1. Large-Scale Distribution and Activity of Prokaryotes in Deep-Sea Surface Sediments of the Mediterranean Sea and the Adjacent Atlantic Ocean

    PubMed Central

    Giovannelli, Donato; Molari, Massimiliano; d’Errico, Giuseppe; Baldrighi, Elisa; Pala, Claudia; Manini, Elena

    2013-01-01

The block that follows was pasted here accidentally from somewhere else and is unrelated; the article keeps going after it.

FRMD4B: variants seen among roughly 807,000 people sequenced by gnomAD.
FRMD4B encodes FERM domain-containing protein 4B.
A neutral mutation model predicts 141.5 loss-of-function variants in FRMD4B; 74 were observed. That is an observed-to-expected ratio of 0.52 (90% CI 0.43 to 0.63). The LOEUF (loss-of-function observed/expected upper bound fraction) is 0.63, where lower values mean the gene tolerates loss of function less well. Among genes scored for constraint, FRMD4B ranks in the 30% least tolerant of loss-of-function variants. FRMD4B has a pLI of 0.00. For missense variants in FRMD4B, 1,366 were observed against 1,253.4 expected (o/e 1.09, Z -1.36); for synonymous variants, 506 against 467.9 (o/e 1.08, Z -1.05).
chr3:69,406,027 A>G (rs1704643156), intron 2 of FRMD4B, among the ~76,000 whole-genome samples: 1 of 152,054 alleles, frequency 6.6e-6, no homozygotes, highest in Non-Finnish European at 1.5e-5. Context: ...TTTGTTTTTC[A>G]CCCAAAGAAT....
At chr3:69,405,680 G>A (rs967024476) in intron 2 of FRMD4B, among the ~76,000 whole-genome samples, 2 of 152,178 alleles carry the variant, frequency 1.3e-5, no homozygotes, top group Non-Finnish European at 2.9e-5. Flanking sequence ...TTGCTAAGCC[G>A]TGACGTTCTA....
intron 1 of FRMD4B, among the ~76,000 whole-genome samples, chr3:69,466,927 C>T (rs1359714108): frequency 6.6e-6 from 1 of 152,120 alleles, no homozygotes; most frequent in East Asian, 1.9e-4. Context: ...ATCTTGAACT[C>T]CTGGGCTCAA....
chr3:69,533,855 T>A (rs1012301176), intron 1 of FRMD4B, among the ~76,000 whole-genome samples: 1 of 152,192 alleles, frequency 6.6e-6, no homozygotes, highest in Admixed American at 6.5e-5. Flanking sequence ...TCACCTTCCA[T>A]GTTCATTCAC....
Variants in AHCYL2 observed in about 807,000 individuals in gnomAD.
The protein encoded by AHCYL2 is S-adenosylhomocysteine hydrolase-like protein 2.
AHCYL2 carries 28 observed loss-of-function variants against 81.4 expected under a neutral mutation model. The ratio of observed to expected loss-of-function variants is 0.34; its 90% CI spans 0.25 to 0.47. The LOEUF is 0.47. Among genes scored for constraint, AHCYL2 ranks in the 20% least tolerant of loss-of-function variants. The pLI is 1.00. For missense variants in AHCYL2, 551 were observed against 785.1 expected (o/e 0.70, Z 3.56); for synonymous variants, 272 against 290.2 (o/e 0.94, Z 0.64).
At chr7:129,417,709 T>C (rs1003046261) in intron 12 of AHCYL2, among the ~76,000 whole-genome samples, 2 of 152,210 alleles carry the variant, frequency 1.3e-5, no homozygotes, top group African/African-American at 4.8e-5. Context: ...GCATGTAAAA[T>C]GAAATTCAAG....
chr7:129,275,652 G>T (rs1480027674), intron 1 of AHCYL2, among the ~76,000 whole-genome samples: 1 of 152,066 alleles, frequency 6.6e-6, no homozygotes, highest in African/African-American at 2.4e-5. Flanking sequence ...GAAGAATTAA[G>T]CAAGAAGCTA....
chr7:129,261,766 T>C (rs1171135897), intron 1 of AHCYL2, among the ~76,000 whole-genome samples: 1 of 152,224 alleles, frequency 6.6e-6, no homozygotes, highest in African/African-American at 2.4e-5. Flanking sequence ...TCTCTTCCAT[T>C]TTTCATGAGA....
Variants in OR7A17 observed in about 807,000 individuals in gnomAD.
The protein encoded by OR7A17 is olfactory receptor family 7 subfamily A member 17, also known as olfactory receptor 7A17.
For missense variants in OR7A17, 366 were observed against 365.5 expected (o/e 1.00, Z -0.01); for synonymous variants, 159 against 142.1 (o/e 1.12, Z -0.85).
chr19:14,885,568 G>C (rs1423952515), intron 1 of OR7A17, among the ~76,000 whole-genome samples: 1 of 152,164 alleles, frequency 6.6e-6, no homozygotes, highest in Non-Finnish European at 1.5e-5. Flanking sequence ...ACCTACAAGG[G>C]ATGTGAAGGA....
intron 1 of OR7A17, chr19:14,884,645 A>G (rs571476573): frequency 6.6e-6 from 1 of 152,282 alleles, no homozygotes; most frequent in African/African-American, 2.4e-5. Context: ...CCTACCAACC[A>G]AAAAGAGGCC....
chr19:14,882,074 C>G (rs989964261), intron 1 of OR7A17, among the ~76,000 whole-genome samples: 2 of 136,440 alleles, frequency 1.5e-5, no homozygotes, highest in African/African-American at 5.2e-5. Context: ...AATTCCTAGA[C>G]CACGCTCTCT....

The deep-sea represents a substantial portion of the biosphere and has a major influence on carbon cycling and global biogeochemistry. Benthic deep-sea prokaryotes have crucial roles in this ecosystem, with their recycling of organic matter from the photic zone. Despite this, little is known about the large-scale distribution of prokaryotes in the surface deep-sea sediments. To assess the influence of environmental and trophic variables on the large-scale distribution of prokaryotes, we investigated the prokaryotic assemblage composition (Bacteria to Archaea and Euryarchaeota to Crenarchaeota ratio) and activity in the surface deep-sea sediments of the Mediterranean Sea and the adjacent North Atlantic Ocean. Prokaryotic abundance and biomass did not vary significantly across the Mediterranean Sea; however, there were depth-related trends in all areas. The abundance of prokaryotes was positively correlated with the sedimentary concentration of protein, an indicator of the quality and bioavailability of organic matter. Moving eastwards, the Bacteria contribution to the total prokaryotes decreased, which appears to be linked to the more oligotrophic conditions of the Eastern Mediterranean basins. Despite the increased importance of Archaea, the contributions of Crenarchaeota Marine Group I to the total pool was relatively constant across the investigated stations, with the exception of Matapan-Vavilov Deep, in which Euryarchaeota Marine Group II dominated. Overall, our data suggest that deeper areas of the Mediterranean Sea share more similar communities with each other than with shallower sites. Freshness and quality of sedimentary organic matter were identified through Generalized Additive Model analysis as the major factors for describing the variation in the prokaryotic community structure and activity in the surface deep-sea sediments. Longitude was also important in explaining the observed variability, which suggests that the overlying water masses might have a